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Anyone who knows me knows that my favorite movie is the "Wizard of Oz". I have always loved rainbows, as I am sure many people do. One of my fondest childhood memories is sitting with my mother watching the movie and listening to her sing "Somewhere over the Rainbow". My mother had the most wonderful voice, luckily for us she passed it onto my sister Karen who is blessed with the same perfect pitch.
Tuesday night as I was driving with my son Ricky to meet my husband at Walmart we saw the most remarkable rainbow. We got out of the car and gazed at it commenting on its beauty. I said to Ricky "Son, look how pretty the red is in the rainbow", as red is his favorite color.
His retort to me was that yes, the red was beautiful, but that the purple, and amber, the green, and azure, were astounding. Yes, I am quoting him here.
Immediately this called to mind a story I had read once about another autistic child.
Hanging on the wall of Bryna Siegel's clinic in San Francisco is a painting of a Victorian house at night, by Jessy Park, an autistic woman whose mother, Clara Claiborne Park, wrote one of the first accounts of raising a child with autism, The Siege. Now 40, Jessy still lives at home. In her recent book, Exiting Nirvana, Clara writes of having come to a profound sense of peace with all the ways that Jessy is.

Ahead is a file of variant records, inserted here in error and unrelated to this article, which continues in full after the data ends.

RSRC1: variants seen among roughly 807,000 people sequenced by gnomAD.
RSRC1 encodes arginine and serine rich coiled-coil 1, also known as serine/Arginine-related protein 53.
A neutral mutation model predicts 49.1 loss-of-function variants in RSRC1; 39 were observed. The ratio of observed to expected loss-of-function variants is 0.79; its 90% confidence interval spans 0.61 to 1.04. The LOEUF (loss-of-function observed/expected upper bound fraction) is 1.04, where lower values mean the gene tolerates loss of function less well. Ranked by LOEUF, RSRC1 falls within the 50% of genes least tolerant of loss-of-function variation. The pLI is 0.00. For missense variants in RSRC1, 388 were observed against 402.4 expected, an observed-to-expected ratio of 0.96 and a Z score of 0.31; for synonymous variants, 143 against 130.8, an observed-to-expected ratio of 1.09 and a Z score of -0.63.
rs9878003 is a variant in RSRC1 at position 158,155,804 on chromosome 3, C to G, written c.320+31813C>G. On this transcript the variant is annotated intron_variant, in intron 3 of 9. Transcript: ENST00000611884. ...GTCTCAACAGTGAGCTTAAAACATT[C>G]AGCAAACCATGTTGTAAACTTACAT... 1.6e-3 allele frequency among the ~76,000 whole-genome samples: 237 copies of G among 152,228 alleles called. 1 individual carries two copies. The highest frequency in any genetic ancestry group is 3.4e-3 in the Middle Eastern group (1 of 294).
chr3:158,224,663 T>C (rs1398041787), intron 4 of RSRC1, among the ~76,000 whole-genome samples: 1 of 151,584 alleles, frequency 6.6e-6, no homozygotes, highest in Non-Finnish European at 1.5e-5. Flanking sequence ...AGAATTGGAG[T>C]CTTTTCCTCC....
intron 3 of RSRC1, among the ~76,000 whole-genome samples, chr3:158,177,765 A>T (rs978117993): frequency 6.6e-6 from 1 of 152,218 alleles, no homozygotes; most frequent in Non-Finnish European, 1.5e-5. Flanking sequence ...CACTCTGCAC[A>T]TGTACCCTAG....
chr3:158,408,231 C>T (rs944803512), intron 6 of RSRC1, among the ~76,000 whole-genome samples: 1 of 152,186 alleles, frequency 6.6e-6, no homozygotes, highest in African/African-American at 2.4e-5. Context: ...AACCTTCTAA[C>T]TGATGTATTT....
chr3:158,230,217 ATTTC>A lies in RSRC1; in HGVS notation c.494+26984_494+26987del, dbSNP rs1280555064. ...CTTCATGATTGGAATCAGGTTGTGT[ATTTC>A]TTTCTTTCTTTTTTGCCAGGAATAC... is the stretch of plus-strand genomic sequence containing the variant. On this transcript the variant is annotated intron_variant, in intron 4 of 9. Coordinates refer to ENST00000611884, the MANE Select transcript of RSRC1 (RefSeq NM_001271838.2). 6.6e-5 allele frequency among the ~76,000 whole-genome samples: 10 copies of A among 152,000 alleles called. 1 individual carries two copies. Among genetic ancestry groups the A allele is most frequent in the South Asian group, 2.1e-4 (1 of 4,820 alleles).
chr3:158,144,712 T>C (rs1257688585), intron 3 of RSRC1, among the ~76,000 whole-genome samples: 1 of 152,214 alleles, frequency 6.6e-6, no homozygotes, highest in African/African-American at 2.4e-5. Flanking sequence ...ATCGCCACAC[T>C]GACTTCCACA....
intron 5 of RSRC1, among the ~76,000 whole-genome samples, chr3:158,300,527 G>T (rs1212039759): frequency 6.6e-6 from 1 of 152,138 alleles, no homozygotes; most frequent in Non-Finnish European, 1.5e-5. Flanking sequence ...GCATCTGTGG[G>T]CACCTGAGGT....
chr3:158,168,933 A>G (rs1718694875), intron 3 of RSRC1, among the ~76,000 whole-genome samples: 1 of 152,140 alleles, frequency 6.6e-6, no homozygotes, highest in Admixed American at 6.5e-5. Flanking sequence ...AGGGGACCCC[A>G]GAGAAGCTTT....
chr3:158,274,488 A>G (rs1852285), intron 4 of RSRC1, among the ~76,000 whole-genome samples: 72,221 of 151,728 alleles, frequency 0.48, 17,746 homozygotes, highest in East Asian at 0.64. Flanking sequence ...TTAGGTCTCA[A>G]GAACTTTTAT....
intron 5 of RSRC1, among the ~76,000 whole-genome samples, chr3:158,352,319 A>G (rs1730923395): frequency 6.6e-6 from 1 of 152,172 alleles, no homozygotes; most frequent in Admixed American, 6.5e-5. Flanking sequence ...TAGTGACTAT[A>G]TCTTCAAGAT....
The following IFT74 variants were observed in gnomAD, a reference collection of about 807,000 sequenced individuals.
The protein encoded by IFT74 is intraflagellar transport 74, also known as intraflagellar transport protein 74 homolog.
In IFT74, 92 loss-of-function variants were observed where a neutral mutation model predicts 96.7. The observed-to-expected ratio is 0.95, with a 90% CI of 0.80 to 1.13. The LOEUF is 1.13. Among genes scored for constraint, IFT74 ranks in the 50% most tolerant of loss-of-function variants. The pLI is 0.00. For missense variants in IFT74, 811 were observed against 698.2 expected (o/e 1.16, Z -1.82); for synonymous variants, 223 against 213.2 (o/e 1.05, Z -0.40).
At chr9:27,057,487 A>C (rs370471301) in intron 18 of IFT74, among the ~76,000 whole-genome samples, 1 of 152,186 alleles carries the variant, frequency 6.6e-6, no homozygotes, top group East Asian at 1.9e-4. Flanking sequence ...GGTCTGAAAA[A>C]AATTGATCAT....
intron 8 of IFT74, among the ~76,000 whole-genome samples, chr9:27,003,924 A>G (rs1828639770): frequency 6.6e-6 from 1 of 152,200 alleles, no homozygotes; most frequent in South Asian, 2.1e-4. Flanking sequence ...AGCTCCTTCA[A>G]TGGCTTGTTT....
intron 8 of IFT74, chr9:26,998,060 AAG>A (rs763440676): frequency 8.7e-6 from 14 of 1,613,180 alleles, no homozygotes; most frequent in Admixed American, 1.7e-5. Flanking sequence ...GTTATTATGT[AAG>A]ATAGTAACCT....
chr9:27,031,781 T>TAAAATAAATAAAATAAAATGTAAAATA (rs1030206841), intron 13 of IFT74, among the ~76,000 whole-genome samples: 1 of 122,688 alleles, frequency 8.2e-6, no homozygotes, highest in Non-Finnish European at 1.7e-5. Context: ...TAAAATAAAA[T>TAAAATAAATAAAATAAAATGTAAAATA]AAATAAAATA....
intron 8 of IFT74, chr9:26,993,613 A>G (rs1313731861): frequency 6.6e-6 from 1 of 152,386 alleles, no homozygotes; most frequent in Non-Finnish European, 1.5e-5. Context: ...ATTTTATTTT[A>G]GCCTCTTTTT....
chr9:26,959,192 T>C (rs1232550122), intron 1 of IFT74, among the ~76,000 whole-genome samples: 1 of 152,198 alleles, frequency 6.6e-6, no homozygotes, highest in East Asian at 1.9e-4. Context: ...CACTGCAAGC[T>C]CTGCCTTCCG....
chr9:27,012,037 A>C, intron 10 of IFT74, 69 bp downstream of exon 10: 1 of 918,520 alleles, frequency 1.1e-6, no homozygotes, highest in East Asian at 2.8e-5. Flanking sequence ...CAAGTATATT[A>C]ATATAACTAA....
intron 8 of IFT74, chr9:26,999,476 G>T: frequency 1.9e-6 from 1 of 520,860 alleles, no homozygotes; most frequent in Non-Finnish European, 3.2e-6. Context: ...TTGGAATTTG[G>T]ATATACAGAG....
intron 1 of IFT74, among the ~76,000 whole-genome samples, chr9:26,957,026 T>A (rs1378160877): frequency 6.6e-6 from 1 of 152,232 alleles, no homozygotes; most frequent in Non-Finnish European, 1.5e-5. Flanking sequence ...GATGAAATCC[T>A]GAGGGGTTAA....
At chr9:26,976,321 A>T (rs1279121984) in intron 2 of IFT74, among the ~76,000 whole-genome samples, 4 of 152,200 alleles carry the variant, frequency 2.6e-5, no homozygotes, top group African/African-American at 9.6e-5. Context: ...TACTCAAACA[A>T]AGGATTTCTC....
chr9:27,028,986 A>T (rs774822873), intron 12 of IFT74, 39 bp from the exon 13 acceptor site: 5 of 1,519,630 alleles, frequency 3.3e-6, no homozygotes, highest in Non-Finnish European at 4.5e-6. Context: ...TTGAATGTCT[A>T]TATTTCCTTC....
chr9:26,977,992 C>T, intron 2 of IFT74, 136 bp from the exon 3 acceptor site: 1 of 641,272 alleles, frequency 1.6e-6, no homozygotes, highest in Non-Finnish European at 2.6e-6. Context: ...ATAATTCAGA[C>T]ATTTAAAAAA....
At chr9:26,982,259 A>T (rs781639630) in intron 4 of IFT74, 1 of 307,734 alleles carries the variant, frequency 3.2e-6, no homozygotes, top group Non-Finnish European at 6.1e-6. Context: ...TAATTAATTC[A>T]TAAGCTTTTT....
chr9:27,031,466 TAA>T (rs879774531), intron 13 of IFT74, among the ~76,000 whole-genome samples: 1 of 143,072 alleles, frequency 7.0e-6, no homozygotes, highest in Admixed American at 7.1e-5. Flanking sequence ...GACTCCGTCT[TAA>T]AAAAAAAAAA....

Jessy sent Siegel a letter with her painting, in flowing handwriting and words that are - there is no other way to say it - marvelously autistic. "The lunar eclipse with 92% cover is below Cassiopeia. In the upper right-hand corner is Aurora Borealis. There are three sets of six-color pastel rainbow on the shingles, seven-color bright rainbow on the clapboards next to the drain pipe, six-color paler pastel rainbow around the circular window, six-color darker pastel rainbow on the rosette ..."
Many people are searching for a cure for Aspergers syndrome and autism. I know that for parents with low functioning children this would lessen the burden of caring for someone who cannot break thru the barrier, who will never be able to live alone, or care for themselves.
I, for one would be afraid. There is something about the difference in my son that makes him not only see things in technicolor, but see things in a "better" color. Look at things thru an untainted light.
Maybe as he grows he will learn to see the cynical side of things. To see that everything in the world isn't a good thing. I guess some would consider that "normal". I consider that a setback......